Salt Point Trail California State Park hike

On the Sonoma County coast north of San Francisco, you will find an exceptional stretch of waterfront going under the name Salt Point State Park. This 6,000-acre park includes a marine reserve that is popular with divers and great oceanfront trails for hikers. The 3-mile round trip Salt Point Trail is level with nonstop views. It crosses grassy bluffs along a jagged shoreline to deliver a classic NorCal hiking experience.

From the Gerstle Cove parking area near the Salt Point Visitor Center, hike toward the sea on the well marked Salt Point Trail. The path is paved for the first 750 feet. When the pavements end, you have the opportunity to step down to a cobblestone beach, or swing right and continue up the trail along the coast. The double-track jeep trail runs north over rolling grassland accented by bulging boulder piles, while a string of complimentary footpaths running parallel to the main trail allow a more intimate exploration of the coast. With little fear of getting lost, all routes are acceptable. There is only 50 feet of elevation change between the low and high points of this trail, so you wont get tired as you admire the dramatic waterfront.

Salt Point State Park
The coastline of Salt Point State Park

Crashing surf and gusting winds add excitement to the hike. Spring visitors will find poppies and lupines blooming amongst the coastal grasses, and the rugged rocks and deep blue ocean waters are mesmerizing year round. The top of the thriving Bull kelp forest is visible just beyond the pounding waves. Be sure to examine the sandstone just above the waterline where you will spot tafoni, unique boxwork-like formations common on Salt Point. The sandstone of Salt Point actually served as the building blocks for San Francisco structures and streets in the mid-1800s when Salt Point was tapped for its sandstone and lumber.

Salt Point California
Kelp beyond the shore

The erratic coastline eventually conforms into a large circular cove. As the trail rounds a bluff south of Stump Beach Cove, you will be presented long views up the Pacific toward the vanishing horizon to the north. Highway One runs just beyond the cliffs on the far side of the cove, but you won’t see or hear it from here. If you want to feel the sand between your toes, take the short steep descent off the bluff to reach the cove and the bottom of Stump Beach Trail, which runs inland across Highway One. Otherwise, if you’d like a second look at the Salt Point shoreline (and why wouldn’t you?), this is an excellent place to turn around.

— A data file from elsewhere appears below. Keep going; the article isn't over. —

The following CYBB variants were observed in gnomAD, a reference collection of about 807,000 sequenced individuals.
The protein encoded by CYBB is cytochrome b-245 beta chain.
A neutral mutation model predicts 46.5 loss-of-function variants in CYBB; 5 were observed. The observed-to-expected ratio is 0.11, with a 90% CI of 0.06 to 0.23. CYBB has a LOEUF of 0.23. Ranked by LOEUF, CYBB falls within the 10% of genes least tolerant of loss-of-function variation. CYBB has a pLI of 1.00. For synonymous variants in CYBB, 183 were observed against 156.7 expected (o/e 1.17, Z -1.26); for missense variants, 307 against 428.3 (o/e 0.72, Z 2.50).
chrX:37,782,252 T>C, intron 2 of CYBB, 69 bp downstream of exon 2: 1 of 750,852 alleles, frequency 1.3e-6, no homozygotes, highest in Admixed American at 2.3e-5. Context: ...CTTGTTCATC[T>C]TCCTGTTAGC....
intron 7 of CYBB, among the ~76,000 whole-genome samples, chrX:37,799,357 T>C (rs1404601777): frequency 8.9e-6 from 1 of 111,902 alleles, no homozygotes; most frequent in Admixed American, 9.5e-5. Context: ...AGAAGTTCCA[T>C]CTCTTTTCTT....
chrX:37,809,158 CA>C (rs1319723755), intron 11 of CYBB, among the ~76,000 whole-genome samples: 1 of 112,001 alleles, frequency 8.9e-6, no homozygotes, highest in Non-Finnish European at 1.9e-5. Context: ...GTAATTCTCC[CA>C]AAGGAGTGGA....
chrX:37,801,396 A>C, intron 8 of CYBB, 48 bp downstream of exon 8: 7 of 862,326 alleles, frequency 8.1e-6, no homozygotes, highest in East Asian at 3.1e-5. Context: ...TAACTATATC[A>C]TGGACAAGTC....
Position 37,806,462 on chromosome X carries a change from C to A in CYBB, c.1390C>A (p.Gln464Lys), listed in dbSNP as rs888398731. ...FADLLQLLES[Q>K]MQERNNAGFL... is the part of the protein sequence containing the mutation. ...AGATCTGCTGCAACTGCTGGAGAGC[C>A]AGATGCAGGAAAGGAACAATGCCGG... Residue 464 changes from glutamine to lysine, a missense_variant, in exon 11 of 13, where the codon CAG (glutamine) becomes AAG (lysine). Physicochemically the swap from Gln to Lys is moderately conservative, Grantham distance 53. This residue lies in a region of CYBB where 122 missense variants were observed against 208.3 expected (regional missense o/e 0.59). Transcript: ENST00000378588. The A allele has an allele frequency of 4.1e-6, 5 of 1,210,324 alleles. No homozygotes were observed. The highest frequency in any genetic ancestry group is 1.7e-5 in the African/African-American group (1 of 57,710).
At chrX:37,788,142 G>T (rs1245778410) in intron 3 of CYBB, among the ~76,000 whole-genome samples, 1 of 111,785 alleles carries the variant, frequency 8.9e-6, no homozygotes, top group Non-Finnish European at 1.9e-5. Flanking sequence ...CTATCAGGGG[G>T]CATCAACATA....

Salt Point Stump Beach Cove
Stump Beach Cove

If you favor the jeep trail over the coast hugging footpaths on the return, you might cut out the very start of the trail following an adjoining trail to an alternate trailhead on the road just outside the parking area. If this happens, there will only be a few hundred feet to walk to reach your vehicle.

Salt Point Trail
Salt Point Trail

Travelers on Highway One longing for a closer look at the coast will love this three mile hike. There are nice campgrounds set back from the ocean for those who would like to stay longer, along with several other trails. Dogs are not allowed on Salt Point Trail. As of September 2011, Salt Point Trail is open but Salt Point State Park has begun eliminating services due to the California budget crisis. Check with the park before traveling to ensure that your visit will be a satisfactory one. There is an $8 day use fee to enter Salt Point State Park, but no permit is required to hike Salt Point Trail.

To get to the trailhead: From Highway One, 33 miles south of Point Arena and seven miles north of Fort Ross, turn west into the Salt Point State Park entrance for Gerstle Cove. Pass through the entrance gate and take the main park road to the Gerstle Cove parking area just past the park visitor center. The trail begins from the southwest corner of the parking area.

Trailhead address: 23476 Shoreline Highway (Highway One), Salt Point State Park, Jenner, CA 95450
Trailhead coordinates: 38.566688, -123.331852

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Photos

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These photos were taken in September of 2011. Click to enlarge.
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